Montaigne is here speaking of a newly discovered country, which he calls - Antartick France.” In the page preceding that already quoted, are these words : “ The other testimonie of antiquitie to which some will refer the discoverie is in Aristotle (if at least that little book of unheard-of wonders be his) where he reporteth that certain Carthaginians having sailed athwart the Atlanticke sea, without the strait of Gibraltar, discovered a great
Letters should not be known; riches, poverty,
fertil island, all replenished with goodly woods, and deepe rivers, farre distant from any land.”
Whoever shall take the trouble to turn to the old translation here quoted, will, I think, be of opinion, that in whatsoever novel our author might have found the fable of The Tempest, he was led by the perusal of this book to make the scene of it an unfrequented island. The title of the chapter, which is—“ Of the Caniballes,"-evidently furnished him with the name of one of his characters. In his time almost every proper name was twisted into an anagram, Thus,—"I moyi in law,” was the anagram of the laborious William Noy, Attorney General to Charles I. By inverting this process, and transposing the letters of the word Canibal, Shakspeare (as Dr. Farmer long since observed) formed the name of Caliban. MALONE. 1 And use of service, none; contract, succession,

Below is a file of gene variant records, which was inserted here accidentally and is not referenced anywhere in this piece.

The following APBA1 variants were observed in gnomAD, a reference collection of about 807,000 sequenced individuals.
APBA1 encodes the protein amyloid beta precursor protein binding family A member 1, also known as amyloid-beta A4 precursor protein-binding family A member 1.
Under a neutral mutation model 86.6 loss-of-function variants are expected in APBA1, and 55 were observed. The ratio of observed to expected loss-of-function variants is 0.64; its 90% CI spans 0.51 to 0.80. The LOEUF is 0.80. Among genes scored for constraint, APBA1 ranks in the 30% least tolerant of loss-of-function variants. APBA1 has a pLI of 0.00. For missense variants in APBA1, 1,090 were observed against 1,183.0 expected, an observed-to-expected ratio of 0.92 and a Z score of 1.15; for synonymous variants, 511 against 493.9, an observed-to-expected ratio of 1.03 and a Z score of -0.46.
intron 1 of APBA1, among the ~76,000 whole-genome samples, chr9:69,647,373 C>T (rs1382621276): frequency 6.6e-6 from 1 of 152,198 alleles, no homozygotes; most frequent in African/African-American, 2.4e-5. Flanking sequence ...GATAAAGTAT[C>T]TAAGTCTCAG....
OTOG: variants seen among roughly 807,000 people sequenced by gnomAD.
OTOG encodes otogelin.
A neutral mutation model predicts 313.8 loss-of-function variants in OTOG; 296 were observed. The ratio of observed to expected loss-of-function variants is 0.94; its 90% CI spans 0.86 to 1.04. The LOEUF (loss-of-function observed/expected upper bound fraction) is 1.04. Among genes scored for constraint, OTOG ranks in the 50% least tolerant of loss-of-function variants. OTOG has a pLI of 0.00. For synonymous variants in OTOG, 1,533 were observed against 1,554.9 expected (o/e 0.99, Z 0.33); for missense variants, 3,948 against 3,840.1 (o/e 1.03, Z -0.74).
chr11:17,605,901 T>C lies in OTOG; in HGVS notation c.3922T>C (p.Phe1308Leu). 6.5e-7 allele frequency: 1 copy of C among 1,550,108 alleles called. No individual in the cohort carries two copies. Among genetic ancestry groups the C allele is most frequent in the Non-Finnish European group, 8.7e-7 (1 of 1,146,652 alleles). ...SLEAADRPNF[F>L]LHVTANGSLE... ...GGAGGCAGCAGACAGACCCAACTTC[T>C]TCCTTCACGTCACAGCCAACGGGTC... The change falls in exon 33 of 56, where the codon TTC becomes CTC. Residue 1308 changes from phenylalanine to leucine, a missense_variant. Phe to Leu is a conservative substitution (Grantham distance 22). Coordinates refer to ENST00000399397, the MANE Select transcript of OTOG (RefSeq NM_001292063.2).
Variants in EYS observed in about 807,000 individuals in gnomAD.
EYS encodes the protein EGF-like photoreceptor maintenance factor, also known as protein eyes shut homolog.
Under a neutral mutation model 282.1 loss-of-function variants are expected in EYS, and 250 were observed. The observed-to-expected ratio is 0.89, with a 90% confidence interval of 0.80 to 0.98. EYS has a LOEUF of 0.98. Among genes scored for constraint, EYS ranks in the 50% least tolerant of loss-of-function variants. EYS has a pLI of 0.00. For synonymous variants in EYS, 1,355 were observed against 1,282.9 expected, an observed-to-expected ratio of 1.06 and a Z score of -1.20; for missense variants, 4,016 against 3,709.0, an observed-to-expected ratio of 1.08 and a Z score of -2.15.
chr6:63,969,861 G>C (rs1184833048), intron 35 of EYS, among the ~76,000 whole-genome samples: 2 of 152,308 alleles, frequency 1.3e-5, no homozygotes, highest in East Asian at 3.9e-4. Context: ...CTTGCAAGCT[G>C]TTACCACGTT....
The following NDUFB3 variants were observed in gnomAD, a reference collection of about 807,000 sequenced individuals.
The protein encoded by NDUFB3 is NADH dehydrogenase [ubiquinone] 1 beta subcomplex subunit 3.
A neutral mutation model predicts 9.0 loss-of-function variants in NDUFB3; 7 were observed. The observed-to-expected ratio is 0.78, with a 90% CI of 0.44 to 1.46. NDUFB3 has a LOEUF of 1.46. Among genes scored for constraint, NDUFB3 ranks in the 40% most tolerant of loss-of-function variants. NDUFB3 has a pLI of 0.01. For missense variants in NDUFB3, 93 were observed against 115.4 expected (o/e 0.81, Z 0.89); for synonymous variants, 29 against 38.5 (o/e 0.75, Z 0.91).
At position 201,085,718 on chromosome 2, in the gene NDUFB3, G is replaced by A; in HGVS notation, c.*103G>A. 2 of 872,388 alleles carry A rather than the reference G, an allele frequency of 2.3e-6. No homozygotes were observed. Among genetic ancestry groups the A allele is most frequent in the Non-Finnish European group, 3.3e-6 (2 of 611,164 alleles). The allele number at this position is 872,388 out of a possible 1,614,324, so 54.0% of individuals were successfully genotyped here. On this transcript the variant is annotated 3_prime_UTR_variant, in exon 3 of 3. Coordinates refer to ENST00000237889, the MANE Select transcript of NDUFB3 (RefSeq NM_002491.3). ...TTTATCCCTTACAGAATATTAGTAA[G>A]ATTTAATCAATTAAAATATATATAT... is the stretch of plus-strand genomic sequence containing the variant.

Bourn, bound of land, tilth, vineyard, none :] The defective metre of the second of these lines affords a ground for believing that some word was omitted at the press. Many of the defects
owever in our author's metre have arisen from the words of one line being transferred to another. In the present instance the preceding line is redundant. Perhaps the words here, as in many other passages, have been shuffled out of their places. We might read
“ And use of service, none; succession,
Contract, bourn, bound of land, tilth, vineyard, none."] -succession being often used by Shakspeare as a quadrisyllable. It must however be owned, that in the passage in Montaigne's Essays the words contract and succession are arranged in the same manner as in the first folio. MALONE.
" Letters should not be known ; no use of service, “ Of riches or of poverty ; no contracts,
“ Successions ; bound of land, tilth, vineyard, none :” The words already quoted from Florio's Translation (as Dr. Farmer observes to me) instruct us to regulate our author's metre as it is exhibited in my text.
Probably Shakspeare first wrote (in the room of partition, which did not suit the structure of his verse) bourn ; but recollecting that one of its significations was a rivulet, and that his island would have fared ill without fresh water, he changed bourn to bound of land, a phrase that could not be misunderstood. At the same time he might have forgot to strike out bourn, his original word, which is now rejected; for if not used for a brook,